Young people are expected to establish a sense of personal identity and become progressively more independent of parents. They move from school into the workforce, either directly or via further education or training. The majority of young people leave home during these years to establish households of their own, with or without others. On the other hand, unemployment and lack of an adequate income generally means being dependent on others - family, relatives, friends, a partner or the State - so the growing sense of autonomy, independence and responsibility for self, the right of every young person, is less able to develop. Again, women's experience illustrates this; greater opportunities for some economic independence have been crucial in changes to women's roles and status in society. While the growth of autonomy and independence is an integral part of becoming adult, so too is interdependence and responsibility for others. Indeed, they are core values in a humane and caring society. Access to employment and a living wage contributes to feelings of self-esteem and a sense of being socially useful. If young people do not have the right of any citizen to be valued and treated with respect, we can hardly be surprised if they fail to value interdependence and responsibility for others, or surprised if they regard others as uncaring. It is in fact a tribute to the faith, resilience and optimism of young people that so many of them do not seem to have lost these values. SA government may face waves of youth unrest, crime and vandalism if they fail to reduce the number of unemployed youngsters, which has reached "unprecedented" heights, what the country needs are innovative education programs that train youth with the skills demanded by the labour market. Governments have to ensure that once the youth come out of the education system, they are employable; I have noted there is a clear mismatch between what the education system produces and what the labour market demands. Furthermore, government should not perceive youth "as a problem" but as "partners of development. Youth participation has to be institutionalized in the government consultation program seeking answers to unemployment.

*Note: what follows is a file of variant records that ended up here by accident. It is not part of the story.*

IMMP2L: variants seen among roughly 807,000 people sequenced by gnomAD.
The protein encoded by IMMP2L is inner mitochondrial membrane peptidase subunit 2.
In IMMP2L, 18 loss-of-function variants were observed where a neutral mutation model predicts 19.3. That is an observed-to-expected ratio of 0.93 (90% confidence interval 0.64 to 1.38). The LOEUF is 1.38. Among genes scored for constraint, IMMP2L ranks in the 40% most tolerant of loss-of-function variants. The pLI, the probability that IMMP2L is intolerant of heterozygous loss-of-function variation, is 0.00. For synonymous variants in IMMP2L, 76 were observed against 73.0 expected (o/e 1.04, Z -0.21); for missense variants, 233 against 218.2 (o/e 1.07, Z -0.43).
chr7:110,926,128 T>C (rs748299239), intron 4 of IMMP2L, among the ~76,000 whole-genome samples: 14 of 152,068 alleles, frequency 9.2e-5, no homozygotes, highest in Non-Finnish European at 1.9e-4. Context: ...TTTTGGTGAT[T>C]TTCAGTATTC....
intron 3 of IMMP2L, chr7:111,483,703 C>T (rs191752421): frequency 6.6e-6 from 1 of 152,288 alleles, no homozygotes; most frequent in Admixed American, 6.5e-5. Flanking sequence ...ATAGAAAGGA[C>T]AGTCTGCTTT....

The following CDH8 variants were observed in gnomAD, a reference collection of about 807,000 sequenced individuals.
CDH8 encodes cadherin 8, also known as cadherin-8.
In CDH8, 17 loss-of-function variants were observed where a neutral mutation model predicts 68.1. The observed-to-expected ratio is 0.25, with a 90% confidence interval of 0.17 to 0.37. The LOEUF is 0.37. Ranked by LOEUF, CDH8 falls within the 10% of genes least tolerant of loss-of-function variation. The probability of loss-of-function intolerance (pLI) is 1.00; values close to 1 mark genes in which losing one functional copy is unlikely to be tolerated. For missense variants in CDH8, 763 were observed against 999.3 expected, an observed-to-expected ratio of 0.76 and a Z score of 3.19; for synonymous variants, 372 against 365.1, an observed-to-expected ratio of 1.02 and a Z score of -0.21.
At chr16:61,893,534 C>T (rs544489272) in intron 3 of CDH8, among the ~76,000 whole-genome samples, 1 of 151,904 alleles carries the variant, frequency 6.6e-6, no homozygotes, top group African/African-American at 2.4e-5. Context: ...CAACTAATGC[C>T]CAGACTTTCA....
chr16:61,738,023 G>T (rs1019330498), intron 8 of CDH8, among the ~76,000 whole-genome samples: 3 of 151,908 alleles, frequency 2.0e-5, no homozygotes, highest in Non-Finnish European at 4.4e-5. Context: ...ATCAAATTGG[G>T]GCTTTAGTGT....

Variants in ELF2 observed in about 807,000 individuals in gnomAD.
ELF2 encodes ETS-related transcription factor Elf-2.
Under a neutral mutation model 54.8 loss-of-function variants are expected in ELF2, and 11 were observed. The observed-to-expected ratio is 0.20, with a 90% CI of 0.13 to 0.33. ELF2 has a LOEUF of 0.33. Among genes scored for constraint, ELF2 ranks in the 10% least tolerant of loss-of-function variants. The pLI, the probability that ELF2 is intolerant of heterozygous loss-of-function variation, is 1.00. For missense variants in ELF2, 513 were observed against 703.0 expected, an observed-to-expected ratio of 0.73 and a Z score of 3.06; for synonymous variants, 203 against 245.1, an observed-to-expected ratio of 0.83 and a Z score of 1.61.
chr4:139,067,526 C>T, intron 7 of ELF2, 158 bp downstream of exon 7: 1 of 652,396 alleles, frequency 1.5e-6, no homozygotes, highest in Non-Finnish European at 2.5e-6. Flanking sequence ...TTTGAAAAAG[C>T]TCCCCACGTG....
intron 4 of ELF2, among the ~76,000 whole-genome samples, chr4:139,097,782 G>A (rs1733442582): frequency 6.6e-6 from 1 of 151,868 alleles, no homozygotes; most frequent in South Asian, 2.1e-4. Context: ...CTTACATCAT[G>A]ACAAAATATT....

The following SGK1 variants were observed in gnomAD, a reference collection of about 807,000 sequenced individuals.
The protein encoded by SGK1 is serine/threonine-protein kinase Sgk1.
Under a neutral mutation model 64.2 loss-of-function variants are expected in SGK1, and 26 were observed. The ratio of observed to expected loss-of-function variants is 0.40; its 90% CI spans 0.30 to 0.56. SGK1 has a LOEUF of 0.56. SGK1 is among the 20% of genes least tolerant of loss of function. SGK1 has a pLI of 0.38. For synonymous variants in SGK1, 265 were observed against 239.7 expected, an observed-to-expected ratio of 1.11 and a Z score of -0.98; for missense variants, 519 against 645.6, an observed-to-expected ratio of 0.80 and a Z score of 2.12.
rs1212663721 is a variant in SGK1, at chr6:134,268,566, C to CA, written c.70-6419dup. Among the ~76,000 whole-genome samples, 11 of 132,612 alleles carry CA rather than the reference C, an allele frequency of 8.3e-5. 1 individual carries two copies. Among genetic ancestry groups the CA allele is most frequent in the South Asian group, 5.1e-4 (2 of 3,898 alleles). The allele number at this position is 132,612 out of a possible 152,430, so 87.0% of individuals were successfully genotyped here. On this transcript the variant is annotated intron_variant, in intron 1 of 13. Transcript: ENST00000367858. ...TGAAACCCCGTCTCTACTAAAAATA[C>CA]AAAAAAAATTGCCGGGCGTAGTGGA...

That regard, what looks like a useful lesson from Germany, the developed country with the smallest gap between the levels of unemployed young and older workers. It attributes this success to a highly successful apprenticeship system."In Germany, youth can train for 350 different kinds of jobs, such as an industrial mechanic, baker or hair stylist," Even university students may be an ’azubi’ (trainee), splitting their time between studying and earning money while gaining practical experience in fields such as biotech or aerospace. Without support for education and skills training, the result could be an economy plagued simultaneously by "jobs without people" and "people without jobs" There can be a large number of schemes, projects and programmes wherein our total involvement will bring quicker and better results. We can play a pivotal role in the socio-economic regeneration of the society. There are many evil practices in our society. If the youth is associated in a drive against these practices, the results may be much more satisfactory. There may be schemes connected with the raising of the level of production in agriculture and other fields. The youth may be assigned the job of dissemination of knowledge for better farming, new techniques and proper use of fertilisers and pesticides.

What is required is that they may be given adequate training in these tasks. In a drive against economic offences, their energy may be used in moulding public opinion in favour of eradication poverty and creating jobs.

Nhlanhla (Noble Son) Mosele